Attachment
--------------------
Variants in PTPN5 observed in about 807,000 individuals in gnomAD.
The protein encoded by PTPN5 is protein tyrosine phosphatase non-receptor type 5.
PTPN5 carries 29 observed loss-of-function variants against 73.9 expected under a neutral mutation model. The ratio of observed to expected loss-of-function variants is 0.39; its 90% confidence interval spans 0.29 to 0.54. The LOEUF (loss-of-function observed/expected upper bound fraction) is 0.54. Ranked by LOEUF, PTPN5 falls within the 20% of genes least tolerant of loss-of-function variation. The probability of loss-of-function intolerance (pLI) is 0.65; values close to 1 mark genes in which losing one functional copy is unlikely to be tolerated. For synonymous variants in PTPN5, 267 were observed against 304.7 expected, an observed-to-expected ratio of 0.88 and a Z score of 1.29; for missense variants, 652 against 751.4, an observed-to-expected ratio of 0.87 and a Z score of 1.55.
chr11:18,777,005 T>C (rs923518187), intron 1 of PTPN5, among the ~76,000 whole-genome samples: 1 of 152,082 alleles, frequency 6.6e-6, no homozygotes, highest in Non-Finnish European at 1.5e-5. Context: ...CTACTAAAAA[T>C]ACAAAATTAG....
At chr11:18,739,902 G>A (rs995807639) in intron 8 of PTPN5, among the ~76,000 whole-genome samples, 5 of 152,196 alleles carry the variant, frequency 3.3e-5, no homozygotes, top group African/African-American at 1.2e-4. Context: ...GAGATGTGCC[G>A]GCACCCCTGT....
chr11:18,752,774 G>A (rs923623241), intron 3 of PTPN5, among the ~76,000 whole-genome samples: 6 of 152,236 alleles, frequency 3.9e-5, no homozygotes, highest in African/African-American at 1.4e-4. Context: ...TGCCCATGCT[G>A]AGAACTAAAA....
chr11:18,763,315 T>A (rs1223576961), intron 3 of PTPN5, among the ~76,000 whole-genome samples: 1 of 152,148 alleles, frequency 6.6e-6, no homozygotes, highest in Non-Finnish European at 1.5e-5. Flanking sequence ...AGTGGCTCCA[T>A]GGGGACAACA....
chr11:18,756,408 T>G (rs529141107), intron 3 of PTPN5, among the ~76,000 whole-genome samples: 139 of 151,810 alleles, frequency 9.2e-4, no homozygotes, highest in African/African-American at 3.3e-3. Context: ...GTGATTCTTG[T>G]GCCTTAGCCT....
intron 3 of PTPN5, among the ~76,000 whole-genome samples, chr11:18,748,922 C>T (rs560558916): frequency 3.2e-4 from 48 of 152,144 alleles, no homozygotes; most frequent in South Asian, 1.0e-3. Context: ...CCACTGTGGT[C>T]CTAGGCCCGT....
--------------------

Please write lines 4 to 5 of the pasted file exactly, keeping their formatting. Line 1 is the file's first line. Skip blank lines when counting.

chr11:18,777,005 T>C (rs923518187), intron 1 of PTPN5, among the ~76,000 whole-genome samples: 1 of 152,082 alleles, frequency 6.6e-6, no homozygotes, highest in Non-Finnish European at 1.5e-5. Context: ...CTACTAAAAA[T>C]ACAAAATTAG....
At chr11:18,739,902 G>A (rs995807639) in intron 8 of PTPN5, among the ~76,000 whole-genome samples, 5 of 152,196 alleles carry the variant, frequency 3.3e-5, no homozygotes, top group African/African-American at 1.2e-4. Context: ...GAGATGTGCC[G>A]GCACCCCTGT....